(For information about Horst Sagert's designs for The Dragon, follow this link.)

In the 70s, resignation set in. Authors addressed private rather than topical themes. In the 80s, aesthetic forms took over.

Then in 1989 with the fall of the DDR, 30-40 years of divided and distinct theater history came to an end. Sabine Zielke, who unlike Stefan Rosinski lived in the East, chimed in to say that for the next two or three years everyone was in a perpetual state of confusion.

Reunification, and thus westernization, made it much more expensive to run a theater. The staff of the Oper Unter den Linden was cut from 1,000 to 500 employees.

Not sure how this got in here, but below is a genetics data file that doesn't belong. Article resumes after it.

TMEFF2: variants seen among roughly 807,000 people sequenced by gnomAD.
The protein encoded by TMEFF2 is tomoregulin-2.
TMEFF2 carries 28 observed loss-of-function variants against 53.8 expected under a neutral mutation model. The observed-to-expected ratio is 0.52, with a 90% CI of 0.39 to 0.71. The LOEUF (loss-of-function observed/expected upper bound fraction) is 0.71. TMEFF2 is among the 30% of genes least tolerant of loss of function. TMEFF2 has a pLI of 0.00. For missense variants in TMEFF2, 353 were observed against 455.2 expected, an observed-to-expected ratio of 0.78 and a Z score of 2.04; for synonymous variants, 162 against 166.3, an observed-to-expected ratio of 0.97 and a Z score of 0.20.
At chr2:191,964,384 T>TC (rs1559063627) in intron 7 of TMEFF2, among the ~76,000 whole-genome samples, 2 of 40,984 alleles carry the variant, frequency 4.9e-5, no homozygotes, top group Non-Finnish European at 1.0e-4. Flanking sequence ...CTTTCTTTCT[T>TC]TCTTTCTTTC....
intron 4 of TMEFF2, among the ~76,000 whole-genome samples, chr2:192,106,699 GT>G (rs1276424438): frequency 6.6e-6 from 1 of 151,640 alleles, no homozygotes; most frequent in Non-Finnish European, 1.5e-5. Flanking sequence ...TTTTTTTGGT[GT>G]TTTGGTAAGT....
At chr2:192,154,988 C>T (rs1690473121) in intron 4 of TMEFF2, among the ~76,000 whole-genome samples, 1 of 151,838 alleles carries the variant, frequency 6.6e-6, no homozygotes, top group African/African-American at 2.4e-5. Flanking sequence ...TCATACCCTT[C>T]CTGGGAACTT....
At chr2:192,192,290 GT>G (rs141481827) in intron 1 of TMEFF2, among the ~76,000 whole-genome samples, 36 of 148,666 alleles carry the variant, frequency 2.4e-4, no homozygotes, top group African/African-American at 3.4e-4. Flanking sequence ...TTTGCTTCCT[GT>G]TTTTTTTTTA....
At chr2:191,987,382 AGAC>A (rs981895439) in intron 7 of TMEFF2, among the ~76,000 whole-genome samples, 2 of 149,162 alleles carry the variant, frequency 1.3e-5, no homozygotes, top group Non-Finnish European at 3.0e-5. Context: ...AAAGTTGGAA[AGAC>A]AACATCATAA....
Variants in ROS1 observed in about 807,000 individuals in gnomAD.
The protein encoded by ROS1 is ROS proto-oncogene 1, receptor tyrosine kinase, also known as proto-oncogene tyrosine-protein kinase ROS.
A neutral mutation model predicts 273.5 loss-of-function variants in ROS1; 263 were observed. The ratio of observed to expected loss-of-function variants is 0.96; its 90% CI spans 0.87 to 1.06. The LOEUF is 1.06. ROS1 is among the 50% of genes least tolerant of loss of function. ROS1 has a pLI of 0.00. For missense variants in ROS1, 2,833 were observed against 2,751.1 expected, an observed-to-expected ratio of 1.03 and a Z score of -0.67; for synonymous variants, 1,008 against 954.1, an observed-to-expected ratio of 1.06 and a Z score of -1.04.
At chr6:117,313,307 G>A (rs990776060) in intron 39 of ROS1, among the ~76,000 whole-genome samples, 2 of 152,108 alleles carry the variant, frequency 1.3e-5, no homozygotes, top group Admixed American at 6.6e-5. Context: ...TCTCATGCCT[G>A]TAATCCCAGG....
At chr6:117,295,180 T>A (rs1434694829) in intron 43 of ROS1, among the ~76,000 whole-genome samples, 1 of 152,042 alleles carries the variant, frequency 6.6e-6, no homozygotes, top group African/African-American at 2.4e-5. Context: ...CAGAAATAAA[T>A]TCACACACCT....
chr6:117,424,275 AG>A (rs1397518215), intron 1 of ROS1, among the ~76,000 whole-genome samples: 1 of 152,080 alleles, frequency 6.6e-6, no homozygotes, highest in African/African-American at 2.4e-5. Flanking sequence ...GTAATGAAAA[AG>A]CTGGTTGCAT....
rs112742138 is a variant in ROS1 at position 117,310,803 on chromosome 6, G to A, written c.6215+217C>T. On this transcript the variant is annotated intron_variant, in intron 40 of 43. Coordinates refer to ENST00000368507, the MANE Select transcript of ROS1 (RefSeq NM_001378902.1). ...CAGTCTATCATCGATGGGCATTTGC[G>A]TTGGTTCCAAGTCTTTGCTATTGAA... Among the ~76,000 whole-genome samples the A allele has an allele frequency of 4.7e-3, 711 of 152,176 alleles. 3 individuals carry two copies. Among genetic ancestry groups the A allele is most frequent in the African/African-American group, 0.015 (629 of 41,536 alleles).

The head of the Volksbühne made a decision that it was necessary to integrate as quickly as possible, and now has about a 50/50 split of employees from the former East and the former West. Other houses made other choices—it sounds like the Deutsches Theater is still largely an East German operation.

Berlin comprises two worlds sharing the same space. In Rosinski’s opinion, if Berlin could have, it would have chosen to be part of neither the East nor the West. After reunification, a dynamic of friendly competition emerged, as each theater attempts to do better work than its rivals’.

One consequence of having lived through the DDR (and I think Rosinski must have been referring to the former East Germans specifically) is that there is now an aversion to all systems—actor training, ticketing, subscriptions, etc.

Please, not Heiner Müller